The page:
I mean, it's weird.
And the manner in which the article is written lends itself to making us sound like some kind of dominating team.
They also seem to really be interested in helping cultivate a kind of rags-to-riches narrative.
Check it out -- some highlights from these stories --
During this stretch they have gone from 10 games back in the Wild Card standings following a loss on July 22 to 4½ games back in the Wild Card race, leapfrogging the Los Angeles Angels, Seattle Mariners and New York Yankees.
The pitching staff has allowed more than three runs just four times in 19 games. Their 2.27 ERA since July 23 is the third-best in the majors behind the Detroit Tigers and Los Angeles Dodgers (entering Sunday night’s game).
The bullpen, which tossed three hitless innings on Sunday, has been nearly unhittable the last three weeks. Since July 23, their ERA of 1.21 is behind only the Braves, and they have allowed only one run in 20 innings on this homestand.
Did you know?
By taking three of four games from the Red Sox, the Royals have now won seven straight series since the All-Star break.
They’ve won 18 of 23 since the All-Star Game, and they made a major statement over the weekend by taking three of four from the Boston Red Sox.
At 61-54, the Royals are 4½ games out in the wild-card race and have a 22 percent chance of making the playoffs, according to coolstandings.com.
Closer Greg Holland has converted 25 straight save opportunities and is averaging 14.5 strikeouts per nine innings, and Kansas City’s other relievers come at opponents in hard-throwing waves. Shields, Santana, Jeremy Guthrie and Kansas City’s starters go deep enough into games that the Royals bullpen has logged a mere 320 innings, the lightest workload in the majors.
First baseman Eric Hosmer ranks second to Yasiel Puig among major league hitters with 84 hits since June 1 and resembles the confident prospect who finished third in the American League Rookie of the Year balloting at age 21.
Yost takes his share of dings in Kansas City -- and occasionally invites criticism when he’s in a mood to tangle with the media -- but he and the Royals deserve credit for running the kids out there day after day until they figured things out. Major league teams have to determine if their young players are mentally strong enough to handle failure on the biggest stage, and Hosmer and Moustakas are trying to pass the same test that Alex Gordon passed on his way to becoming an All-Star at age 29.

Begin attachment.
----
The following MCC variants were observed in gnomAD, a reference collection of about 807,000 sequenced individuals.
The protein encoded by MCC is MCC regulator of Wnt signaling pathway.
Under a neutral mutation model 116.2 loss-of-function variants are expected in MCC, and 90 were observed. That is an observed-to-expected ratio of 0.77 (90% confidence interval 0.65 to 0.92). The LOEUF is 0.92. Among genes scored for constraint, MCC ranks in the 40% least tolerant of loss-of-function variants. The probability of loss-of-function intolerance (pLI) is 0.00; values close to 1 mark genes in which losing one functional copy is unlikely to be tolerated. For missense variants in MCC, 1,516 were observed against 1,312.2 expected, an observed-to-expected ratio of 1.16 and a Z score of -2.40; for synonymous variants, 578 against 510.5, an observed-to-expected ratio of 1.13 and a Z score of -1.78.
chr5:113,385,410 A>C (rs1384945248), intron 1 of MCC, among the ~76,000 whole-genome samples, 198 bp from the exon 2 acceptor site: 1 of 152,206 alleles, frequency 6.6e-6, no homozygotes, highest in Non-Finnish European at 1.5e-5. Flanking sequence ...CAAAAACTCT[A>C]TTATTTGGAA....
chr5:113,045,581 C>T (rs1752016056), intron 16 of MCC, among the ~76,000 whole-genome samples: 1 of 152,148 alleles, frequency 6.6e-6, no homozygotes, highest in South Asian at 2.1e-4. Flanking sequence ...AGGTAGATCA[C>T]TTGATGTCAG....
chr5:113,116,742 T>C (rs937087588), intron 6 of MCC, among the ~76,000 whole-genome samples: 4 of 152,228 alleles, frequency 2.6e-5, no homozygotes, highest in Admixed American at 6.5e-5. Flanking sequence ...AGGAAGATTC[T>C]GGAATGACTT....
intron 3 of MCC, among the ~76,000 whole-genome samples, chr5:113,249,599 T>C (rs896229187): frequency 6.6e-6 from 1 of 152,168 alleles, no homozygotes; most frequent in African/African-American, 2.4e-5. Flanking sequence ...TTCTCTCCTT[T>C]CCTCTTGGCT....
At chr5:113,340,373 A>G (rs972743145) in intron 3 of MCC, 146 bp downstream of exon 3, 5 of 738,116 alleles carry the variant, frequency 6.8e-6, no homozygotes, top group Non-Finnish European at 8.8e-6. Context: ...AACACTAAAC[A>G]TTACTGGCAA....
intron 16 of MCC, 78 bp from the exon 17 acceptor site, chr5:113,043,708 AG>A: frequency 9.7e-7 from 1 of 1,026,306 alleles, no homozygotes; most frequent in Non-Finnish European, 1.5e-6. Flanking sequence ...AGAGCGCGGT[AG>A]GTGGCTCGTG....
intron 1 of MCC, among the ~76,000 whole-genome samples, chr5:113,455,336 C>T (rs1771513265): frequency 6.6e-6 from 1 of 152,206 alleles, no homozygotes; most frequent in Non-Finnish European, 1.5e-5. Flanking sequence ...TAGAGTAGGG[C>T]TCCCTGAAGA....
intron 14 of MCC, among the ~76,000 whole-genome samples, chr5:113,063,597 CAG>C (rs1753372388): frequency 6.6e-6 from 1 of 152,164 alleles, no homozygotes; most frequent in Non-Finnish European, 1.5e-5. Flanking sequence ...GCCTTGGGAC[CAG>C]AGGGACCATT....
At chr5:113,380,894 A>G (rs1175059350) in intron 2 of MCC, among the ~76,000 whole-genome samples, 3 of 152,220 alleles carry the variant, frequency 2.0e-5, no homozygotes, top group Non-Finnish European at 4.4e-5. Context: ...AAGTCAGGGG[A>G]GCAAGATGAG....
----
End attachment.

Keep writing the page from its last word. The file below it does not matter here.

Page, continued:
Lo and behold, the seemingly minor trade that Moore swung at the deadline has had a positive impact; Maxwell has three homers and a .900 slugging percentage in his first eight games with Kansas City. And when you look around the field, the Royals are doing it precisely the way major league teams should. In Sunday’s game against Boston, seven of the nine players in Yost’s batting order were drafted and developed by Kansas City. The only exceptions were shortstop Alcides Escobar and second baseman Elliot Johnson, both of whom came over in trades.
Then they caught the Royals playing as well as they have all season and lost three out of four, the last of which was eked out by the Royals 4-3 on Sunday in what was as close to a statement series as they've played since George Brett still had a union card.
Nava is convinced the Royals are a playoff contender. "Of course," Nava said. "Everyone realizes with their offense and pitching it's just a matter of time before they click."